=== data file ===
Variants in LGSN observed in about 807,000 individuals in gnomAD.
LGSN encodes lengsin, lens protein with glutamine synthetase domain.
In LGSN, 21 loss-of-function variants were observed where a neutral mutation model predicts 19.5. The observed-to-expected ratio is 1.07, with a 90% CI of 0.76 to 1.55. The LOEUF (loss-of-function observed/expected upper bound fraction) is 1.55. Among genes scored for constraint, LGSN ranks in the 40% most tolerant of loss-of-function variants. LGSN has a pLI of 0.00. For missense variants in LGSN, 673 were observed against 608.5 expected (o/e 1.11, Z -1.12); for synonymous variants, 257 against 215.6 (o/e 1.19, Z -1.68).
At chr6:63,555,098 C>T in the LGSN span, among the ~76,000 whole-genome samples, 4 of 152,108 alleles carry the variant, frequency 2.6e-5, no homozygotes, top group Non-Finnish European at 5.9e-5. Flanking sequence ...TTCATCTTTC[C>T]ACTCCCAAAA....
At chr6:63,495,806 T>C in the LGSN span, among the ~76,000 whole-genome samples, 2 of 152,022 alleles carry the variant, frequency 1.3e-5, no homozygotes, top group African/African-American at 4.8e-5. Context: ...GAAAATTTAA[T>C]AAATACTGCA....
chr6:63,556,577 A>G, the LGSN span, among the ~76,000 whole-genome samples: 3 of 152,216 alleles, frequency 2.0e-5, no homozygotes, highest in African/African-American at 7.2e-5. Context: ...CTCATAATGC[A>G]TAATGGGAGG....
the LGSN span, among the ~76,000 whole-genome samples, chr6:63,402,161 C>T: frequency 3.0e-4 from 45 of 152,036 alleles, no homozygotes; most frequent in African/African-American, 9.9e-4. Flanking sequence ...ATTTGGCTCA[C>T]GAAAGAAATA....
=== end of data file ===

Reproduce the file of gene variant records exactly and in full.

Variants in LGSN observed in about 807,000 individuals in gnomAD.
LGSN encodes lengsin, lens protein with glutamine synthetase domain.
In LGSN, 21 loss-of-function variants were observed where a neutral mutation model predicts 19.5. The observed-to-expected ratio is 1.07, with a 90% CI of 0.76 to 1.55. The LOEUF (loss-of-function observed/expected upper bound fraction) is 1.55. Among genes scored for constraint, LGSN ranks in the 40% most tolerant of loss-of-function variants. LGSN has a pLI of 0.00. For missense variants in LGSN, 673 were observed against 608.5 expected (o/e 1.11, Z -1.12); for synonymous variants, 257 against 215.6 (o/e 1.19, Z -1.68).
At chr6:63,555,098 C>T in the LGSN span, among the ~76,000 whole-genome samples, 4 of 152,108 alleles carry the variant, frequency 2.6e-5, no homozygotes, top group Non-Finnish European at 5.9e-5. Flanking sequence ...TTCATCTTTC[C>T]ACTCCCAAAA....
At chr6:63,495,806 T>C in the LGSN span, among the ~76,000 whole-genome samples, 2 of 152,022 alleles carry the variant, frequency 1.3e-5, no homozygotes, top group African/African-American at 4.8e-5. Context: ...GAAAATTTAA[T>C]AAATACTGCA....
chr6:63,556,577 A>G, the LGSN span, among the ~76,000 whole-genome samples: 3 of 152,216 alleles, frequency 2.0e-5, no homozygotes, highest in African/African-American at 7.2e-5. Context: ...CTCATAATGC[A>G]TAATGGGAGG....
the LGSN span, among the ~76,000 whole-genome samples, chr6:63,402,161 C>T: frequency 3.0e-4 from 45 of 152,036 alleles, no homozygotes; most frequent in African/African-American, 9.9e-4. Flanking sequence ...ATTTGGCTCA[C>T]GAAAGAAATA....